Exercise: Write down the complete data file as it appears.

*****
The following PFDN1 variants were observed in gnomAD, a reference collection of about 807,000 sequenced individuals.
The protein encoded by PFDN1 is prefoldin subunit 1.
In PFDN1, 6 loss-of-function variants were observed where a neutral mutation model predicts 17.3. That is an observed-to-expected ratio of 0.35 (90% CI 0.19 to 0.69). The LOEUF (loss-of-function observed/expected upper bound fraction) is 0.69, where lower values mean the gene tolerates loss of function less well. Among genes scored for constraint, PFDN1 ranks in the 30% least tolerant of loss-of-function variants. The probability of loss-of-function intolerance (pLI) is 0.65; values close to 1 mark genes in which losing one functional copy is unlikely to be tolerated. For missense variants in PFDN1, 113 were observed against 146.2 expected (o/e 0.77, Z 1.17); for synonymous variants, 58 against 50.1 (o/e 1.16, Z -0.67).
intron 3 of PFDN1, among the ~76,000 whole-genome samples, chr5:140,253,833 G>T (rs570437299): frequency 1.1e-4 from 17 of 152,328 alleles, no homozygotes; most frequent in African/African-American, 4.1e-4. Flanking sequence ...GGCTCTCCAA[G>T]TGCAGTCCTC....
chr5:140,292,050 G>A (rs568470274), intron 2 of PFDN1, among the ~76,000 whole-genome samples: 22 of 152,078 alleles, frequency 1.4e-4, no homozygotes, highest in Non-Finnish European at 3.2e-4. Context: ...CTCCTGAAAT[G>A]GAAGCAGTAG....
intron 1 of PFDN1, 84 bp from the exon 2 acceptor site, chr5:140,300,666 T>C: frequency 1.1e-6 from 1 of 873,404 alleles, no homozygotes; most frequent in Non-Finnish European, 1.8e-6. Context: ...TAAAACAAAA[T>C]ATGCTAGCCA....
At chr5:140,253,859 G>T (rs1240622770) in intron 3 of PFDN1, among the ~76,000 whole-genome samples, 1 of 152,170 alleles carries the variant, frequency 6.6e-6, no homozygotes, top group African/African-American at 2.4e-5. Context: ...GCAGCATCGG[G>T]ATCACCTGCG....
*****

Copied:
The following PFDN1 variants were observed in gnomAD, a reference collection of about 807,000 sequenced individuals.
The protein encoded by PFDN1 is prefoldin subunit 1.
In PFDN1, 6 loss-of-function variants were observed where a neutral mutation model predicts 17.3. That is an observed-to-expected ratio of 0.35 (90% CI 0.19 to 0.69). The LOEUF (loss-of-function observed/expected upper bound fraction) is 0.69, where lower values mean the gene tolerates loss of function less well. Among genes scored for constraint, PFDN1 ranks in the 30% least tolerant of loss-of-function variants. The probability of loss-of-function intolerance (pLI) is 0.65; values close to 1 mark genes in which losing one functional copy is unlikely to be tolerated. For missense variants in PFDN1, 113 were observed against 146.2 expected (o/e 0.77, Z 1.17); for synonymous variants, 58 against 50.1 (o/e 1.16, Z -0.67).
intron 3 of PFDN1, among the ~76,000 whole-genome samples, chr5:140,253,833 G>T (rs570437299): frequency 1.1e-4 from 17 of 152,328 alleles, no homozygotes; most frequent in African/African-American, 4.1e-4. Flanking sequence ...GGCTCTCCAA[G>T]TGCAGTCCTC....
chr5:140,292,050 G>A (rs568470274), intron 2 of PFDN1, among the ~76,000 whole-genome samples: 22 of 152,078 alleles, frequency 1.4e-4, no homozygotes, highest in Non-Finnish European at 3.2e-4. Context: ...CTCCTGAAAT[G>A]GAAGCAGTAG....
intron 1 of PFDN1, 84 bp from the exon 2 acceptor site, chr5:140,300,666 T>C: frequency 1.1e-6 from 1 of 873,404 alleles, no homozygotes; most frequent in Non-Finnish European, 1.8e-6. Context: ...TAAAACAAAA[T>C]ATGCTAGCCA....
At chr5:140,253,859 G>T (rs1240622770) in intron 3 of PFDN1, among the ~76,000 whole-genome samples, 1 of 152,170 alleles carries the variant, frequency 6.6e-6, no homozygotes, top group African/African-American at 2.4e-5. Context: ...GCAGCATCGG[G>T]ATCACCTGCG....